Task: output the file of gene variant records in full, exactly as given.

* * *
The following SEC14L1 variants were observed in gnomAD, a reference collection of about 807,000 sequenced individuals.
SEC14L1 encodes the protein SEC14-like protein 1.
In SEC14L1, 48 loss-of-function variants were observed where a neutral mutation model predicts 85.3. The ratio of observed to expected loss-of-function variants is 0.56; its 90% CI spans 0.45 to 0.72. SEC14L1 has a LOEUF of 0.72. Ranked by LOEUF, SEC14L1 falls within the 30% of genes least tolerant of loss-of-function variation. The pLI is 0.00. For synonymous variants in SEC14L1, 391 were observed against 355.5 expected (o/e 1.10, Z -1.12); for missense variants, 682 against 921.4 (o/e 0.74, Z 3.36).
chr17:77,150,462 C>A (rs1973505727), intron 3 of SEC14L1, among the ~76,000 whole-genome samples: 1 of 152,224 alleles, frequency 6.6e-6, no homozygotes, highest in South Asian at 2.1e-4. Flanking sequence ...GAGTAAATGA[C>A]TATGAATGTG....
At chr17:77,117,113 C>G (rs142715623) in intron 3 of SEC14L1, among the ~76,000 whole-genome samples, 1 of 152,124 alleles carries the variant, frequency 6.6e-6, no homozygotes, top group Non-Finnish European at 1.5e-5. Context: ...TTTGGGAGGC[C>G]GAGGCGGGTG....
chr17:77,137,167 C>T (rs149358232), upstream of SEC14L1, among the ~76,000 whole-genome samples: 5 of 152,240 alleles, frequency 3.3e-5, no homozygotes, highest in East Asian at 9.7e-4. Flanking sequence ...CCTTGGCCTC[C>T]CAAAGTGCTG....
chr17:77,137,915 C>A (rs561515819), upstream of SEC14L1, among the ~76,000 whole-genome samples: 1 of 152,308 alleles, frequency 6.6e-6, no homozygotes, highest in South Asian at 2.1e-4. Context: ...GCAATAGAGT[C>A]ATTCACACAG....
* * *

The following SEC14L1 variants were observed in gnomAD, a reference collection of about 807,000 sequenced individuals.
SEC14L1 encodes the protein SEC14-like protein 1.
In SEC14L1, 48 loss-of-function variants were observed where a neutral mutation model predicts 85.3. The ratio of observed to expected loss-of-function variants is 0.56; its 90% CI spans 0.45 to 0.72. SEC14L1 has a LOEUF of 0.72. Ranked by LOEUF, SEC14L1 falls within the 30% of genes least tolerant of loss-of-function variation. The pLI is 0.00. For synonymous variants in SEC14L1, 391 were observed against 355.5 expected (o/e 1.10, Z -1.12); for missense variants, 682 against 921.4 (o/e 0.74, Z 3.36).
chr17:77,150,462 C>A (rs1973505727), intron 3 of SEC14L1, among the ~76,000 whole-genome samples: 1 of 152,224 alleles, frequency 6.6e-6, no homozygotes, highest in South Asian at 2.1e-4. Flanking sequence ...GAGTAAATGA[C>A]TATGAATGTG....
At chr17:77,117,113 C>G (rs142715623) in intron 3 of SEC14L1, among the ~76,000 whole-genome samples, 1 of 152,124 alleles carries the variant, frequency 6.6e-6, no homozygotes, top group Non-Finnish European at 1.5e-5. Context: ...TTTGGGAGGC[C>G]GAGGCGGGTG....
chr17:77,137,167 C>T (rs149358232), upstream of SEC14L1, among the ~76,000 whole-genome samples: 5 of 152,240 alleles, frequency 3.3e-5, no homozygotes, highest in East Asian at 9.7e-4. Flanking sequence ...CCTTGGCCTC[C>T]CAAAGTGCTG....
chr17:77,137,915 C>A (rs561515819), upstream of SEC14L1, among the ~76,000 whole-genome samples: 1 of 152,308 alleles, frequency 6.6e-6, no homozygotes, highest in South Asian at 2.1e-4. Context: ...GCAATAGAGT[C>A]ATTCACACAG....